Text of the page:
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Foresight Background 2, Rev. 1

Accidents, Malice, Progress, and Other Topics

© Copyright 1987-1991, The Foresight Institute.

 

Accidents, Malice, and "Gray Goo"

The novel power of nanotechnology springs from two sources: the ability of assemblers to make almost anything and their corollary ability to make copies of themselves. Self-replicating molecular machines will bring novel power to do good, obviously—they will enable us to produce material abundance using clean, unobtrusive processes, and they will give new tools to science and medicine. Equally obviously, they will bring novel power for doing harm—an abundance of conventional weapons could be destabilizing, and new weapons, such as programmable germs, could make possible whole new kinds of warfare.

A commonly discussed form of harm, though, is quite different from a military threat. Engines of Creation warns that "Tough, omnivorous 'bacteria' could outcompete real bacteria: they could spread like blowing pollen, replicate swiftly, and reduce the biosphere to dust in a matter of days." It refers to this threat as the "gray goo problem" (though the dusty version wouldn't be very gooey) and states that "we cannot afford certain kinds of accidents with replicating assemblers." This may be true, but should this kind of accident be a major focus of concern? Our attention is a limited resource and we need to allocate it wisely.

Nanotechnology has analogies to genetic engineering: both fields involve self-replicating molecular machines. in the early days of genetic engineering, the scientists involved became so concerned about the possible consequences of the escape of altered, independent replicators that they declared a moratorium on research, to give a chance for thought. Genetic engineers fiddle with natural organisms—that is, with organisms evolved to survive in the world outside the laboratory. This naturally raises concern about what might happen when altered organisms return to the outside world. As descendants of competitive organisms, but different, might they not compete, but better?

In practice, after consultation with microbial ecologists, genetic engineers realized that success at living in the natural world is no easy thing. Nature had been doing recombinant DNA experiments on bacteria for billions of years, "trying" to make the fiercest, most competitive possible bugs. Genetic engineers are unlikely to improve on this even if they tried, much less by accident, while trying to do something else. Further, laboratory bacteria are adapted to laboratory conditions, weakening them for ordinary life. Just to be sure, genetic engineers typically work with bacteria that are made yet more dependent on laboratory conditions—with bacteria lacking the ability to make many compounds, giving them a need for many special "vitamins." Concerns remain. Even dependent, laboratory bacteria can exchange genetic material with independent, wild bacteria. New genes might then find their way into competitive organisms, and maybe (just possibly), do them good instead of simply burdening them with wasted metabolic effort.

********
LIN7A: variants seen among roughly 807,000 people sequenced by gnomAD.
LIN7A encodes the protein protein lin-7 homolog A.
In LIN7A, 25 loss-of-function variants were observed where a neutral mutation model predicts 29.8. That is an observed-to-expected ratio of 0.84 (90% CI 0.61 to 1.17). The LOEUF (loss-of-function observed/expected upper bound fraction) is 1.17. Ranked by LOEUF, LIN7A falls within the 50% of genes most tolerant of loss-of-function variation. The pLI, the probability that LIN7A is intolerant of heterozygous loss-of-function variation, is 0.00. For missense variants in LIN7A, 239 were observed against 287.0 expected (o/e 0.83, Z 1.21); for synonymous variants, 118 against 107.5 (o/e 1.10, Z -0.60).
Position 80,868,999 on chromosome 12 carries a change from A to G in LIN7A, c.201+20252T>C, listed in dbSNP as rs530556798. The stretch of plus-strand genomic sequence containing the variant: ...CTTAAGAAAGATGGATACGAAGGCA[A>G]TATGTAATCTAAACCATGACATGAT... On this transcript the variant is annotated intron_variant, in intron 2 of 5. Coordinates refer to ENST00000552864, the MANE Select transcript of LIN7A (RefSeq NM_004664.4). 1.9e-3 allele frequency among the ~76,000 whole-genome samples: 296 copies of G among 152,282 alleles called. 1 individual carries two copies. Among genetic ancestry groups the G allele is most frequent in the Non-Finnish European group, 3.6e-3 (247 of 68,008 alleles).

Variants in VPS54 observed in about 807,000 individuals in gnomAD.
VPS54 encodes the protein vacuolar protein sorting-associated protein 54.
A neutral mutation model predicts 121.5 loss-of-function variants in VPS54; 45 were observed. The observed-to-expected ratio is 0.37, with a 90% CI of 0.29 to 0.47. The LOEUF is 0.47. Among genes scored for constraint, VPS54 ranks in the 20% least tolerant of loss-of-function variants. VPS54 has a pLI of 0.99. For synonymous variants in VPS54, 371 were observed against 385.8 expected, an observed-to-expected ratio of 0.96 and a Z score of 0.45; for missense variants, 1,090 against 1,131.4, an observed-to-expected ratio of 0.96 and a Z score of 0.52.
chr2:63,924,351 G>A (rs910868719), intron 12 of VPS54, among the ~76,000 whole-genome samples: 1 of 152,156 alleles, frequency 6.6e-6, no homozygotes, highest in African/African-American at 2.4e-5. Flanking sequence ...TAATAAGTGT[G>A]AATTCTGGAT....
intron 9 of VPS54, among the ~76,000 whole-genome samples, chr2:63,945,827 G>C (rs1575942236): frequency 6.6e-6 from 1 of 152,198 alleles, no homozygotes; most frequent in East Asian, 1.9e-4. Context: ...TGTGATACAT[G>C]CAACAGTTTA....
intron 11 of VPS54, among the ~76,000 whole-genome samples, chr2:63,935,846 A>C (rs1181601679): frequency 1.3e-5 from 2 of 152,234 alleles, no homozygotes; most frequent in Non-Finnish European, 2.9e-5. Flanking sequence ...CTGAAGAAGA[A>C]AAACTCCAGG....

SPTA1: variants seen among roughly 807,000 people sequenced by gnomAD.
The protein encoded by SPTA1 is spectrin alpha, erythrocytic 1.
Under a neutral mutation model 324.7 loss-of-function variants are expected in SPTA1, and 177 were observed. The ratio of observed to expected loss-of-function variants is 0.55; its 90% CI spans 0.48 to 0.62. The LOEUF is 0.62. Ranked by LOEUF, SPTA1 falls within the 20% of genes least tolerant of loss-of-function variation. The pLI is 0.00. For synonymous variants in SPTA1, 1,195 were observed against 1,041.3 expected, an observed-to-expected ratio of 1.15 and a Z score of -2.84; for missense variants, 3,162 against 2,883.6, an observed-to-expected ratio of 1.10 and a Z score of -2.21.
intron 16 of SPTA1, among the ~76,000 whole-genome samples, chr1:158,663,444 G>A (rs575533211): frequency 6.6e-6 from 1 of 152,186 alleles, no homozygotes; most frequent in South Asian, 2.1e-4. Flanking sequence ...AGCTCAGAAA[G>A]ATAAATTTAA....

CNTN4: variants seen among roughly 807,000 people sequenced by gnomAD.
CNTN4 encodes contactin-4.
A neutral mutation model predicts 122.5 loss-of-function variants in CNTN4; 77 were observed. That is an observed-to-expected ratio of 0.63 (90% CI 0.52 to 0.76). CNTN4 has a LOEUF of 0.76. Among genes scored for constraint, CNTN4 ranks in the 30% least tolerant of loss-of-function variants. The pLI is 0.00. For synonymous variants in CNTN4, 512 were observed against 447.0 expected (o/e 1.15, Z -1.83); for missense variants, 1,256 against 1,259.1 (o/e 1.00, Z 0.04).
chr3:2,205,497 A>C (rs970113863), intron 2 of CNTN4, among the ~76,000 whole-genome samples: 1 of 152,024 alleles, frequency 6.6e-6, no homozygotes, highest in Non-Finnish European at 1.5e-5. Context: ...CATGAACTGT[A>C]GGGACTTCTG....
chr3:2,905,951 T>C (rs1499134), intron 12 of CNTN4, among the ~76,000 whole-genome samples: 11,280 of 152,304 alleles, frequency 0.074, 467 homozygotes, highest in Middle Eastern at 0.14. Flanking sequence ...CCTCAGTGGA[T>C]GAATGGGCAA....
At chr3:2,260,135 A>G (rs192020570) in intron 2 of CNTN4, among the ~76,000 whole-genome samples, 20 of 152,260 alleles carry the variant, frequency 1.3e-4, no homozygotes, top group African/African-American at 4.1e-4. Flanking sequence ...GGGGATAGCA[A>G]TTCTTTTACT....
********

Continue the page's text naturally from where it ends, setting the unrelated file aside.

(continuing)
What about nanoreplicators? They will differ greatly from existing organisms, and this cuts both ways. It means that they could be built to outcompete any bacterium, spreading vigorously—but it also means that they could be built to be utterly unlike anything that can survive in nature. It was plausible that genetic tinkering might accidentally make a superior wild replicator, because it begins by fiddling with descendants of wild replicators. But for a nanotechnologist, starting from scratch, to make an independent replicator—this would be no accident, but the result of a long and difficult engineering process.

Imagine you are an engineer designing a replicator. Is it easier to design for a single, stable environment, or for a whole set of diverse environments? Is it easier to design for an environment rich in special raw materials, or for one containing some haphazard mix of chemicals? Clearly, design for a single, special, stable environment will be easiest. The best environment will likely be a mix of reactive industrial chemicals of a sort not found in nature. Thus, regardless of concerns for safety, the most straightforward kind of replicator to build would be entirely safe because it would be entirely dependent on an artificial environment.